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We recently added a new home-user client through the Nextdoor website, and during our initial conversations, we covered a lot of security issues. The new client, an elderly gentleman, had a really good handle on his online security. There’s a lot for us to unpack as individuals and as those who have elderly parents – though some of this can apply to everyone.
First, let’s look at passwords. While this discussion is inspired by our new client, our conversation can apply to anyone because we never know when someone will not be able to access vital personal information either stored on a computer or device or in the cloud.
When we take on a new elderly client, we spend a lot of time talking about online security, including passwords, password managers and MFA. We were heartened to learn our new client knew all about using his passwords properly. He seemed to understand the system better than many of our younger clients.
When he asked about using a password manager, a subject he brought up, we advised against it. While password managers can greatly enhance online security and can be extremely convenient (think about accessing a website from your mobile phone when you’re in an urgent situation), everyone needs to know the law of unintended consequences. Every password manager has an encryption key, and if you don’t have the master password with that encryption key, you won’t get in. That includes you as the account owner and anyone who might need to get into a website.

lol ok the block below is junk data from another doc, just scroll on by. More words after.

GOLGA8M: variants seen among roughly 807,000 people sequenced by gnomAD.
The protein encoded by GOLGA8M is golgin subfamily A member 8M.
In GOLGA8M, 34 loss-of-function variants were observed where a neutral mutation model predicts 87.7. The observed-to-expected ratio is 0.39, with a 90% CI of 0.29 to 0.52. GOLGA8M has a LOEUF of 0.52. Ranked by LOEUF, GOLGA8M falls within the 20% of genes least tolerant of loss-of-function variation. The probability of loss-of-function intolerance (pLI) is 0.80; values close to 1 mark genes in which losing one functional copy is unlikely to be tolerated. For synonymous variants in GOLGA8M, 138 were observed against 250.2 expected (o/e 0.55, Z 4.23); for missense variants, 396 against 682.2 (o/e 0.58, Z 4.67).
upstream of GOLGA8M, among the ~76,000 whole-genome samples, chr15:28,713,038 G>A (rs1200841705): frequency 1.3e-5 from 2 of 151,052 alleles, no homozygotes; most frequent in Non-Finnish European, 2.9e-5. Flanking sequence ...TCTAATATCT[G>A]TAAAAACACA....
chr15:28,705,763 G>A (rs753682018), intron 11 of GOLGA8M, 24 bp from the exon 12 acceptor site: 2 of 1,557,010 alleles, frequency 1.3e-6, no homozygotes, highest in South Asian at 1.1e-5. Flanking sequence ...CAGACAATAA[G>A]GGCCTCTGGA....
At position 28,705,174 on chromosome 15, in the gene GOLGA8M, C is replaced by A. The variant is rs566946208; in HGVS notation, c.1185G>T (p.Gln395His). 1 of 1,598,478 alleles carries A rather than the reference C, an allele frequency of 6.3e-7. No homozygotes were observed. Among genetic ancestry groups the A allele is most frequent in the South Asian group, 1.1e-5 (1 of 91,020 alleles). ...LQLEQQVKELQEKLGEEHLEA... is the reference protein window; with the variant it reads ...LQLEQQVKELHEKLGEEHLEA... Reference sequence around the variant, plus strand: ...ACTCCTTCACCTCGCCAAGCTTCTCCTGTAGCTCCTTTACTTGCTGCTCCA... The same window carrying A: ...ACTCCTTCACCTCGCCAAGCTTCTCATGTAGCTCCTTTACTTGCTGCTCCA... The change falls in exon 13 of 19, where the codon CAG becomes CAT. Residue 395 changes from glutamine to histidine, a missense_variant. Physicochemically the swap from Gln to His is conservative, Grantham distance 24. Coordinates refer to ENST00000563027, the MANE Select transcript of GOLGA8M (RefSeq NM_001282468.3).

We told him it would be preferable to write all his passwords in a book. It doesn’t need to be locked in a safe, but it should be kept in a secure place – and at least one other trusted person should know where it is. This is critically important for the elderly or anyone else who may need someone to manage their affairs because of some impairment or death.
Second, let’s look at forms of security generally known as two-factor authorization (2FA) or multi-factor authorization (MFA).
We discussed using MFA for his online banking and financial activity, and he said: “That is so easy, everyone should be doing it.”
I agree wholeheartedly. It’s not that complicated to use it once you set it up. In most cases, you can link the authorization to a specific device or devices, such as a computer, tablet or phone. When you do that, you can sign into a website account from the authorized device(s) without going through the authorization every time – or you can set it up to require authorization every time. It becomes difficult if somebody is trying to sign into your account from another device, but of course, this is what the process is designed to do.
The way most MFA processes work is that when you sign in from a device, a code is sent by text message to a phone or to an email address. Once you receive the code, you enter it on a designated page associated with the website. The complication will come if someone is truly signing in on your behalf from an “unknown” device. That person will need access to the authorization message.
Another security measure that works for iOS devices is Apple’s iCloud Keychain. Functioning like a password manager to some extent, it allows you to use your device access code to activate a complex password to enter a secure website.
We can help you understand all the benefits and pitfalls of using MFA. The big problems, obviously, are to make sure you don’t lock yourself out of your account and know what do to if your phone is not working. Call us – 973-433-6676 – or email us to get comprehensive information about MFA and password managers and to configure your systems to work best for your needs.
To take our discussion of vanishing passwords one step farther, some recent service calls for clients who’ve been hacked – some multiple times – have provided still more reasons to move on to newer technologies.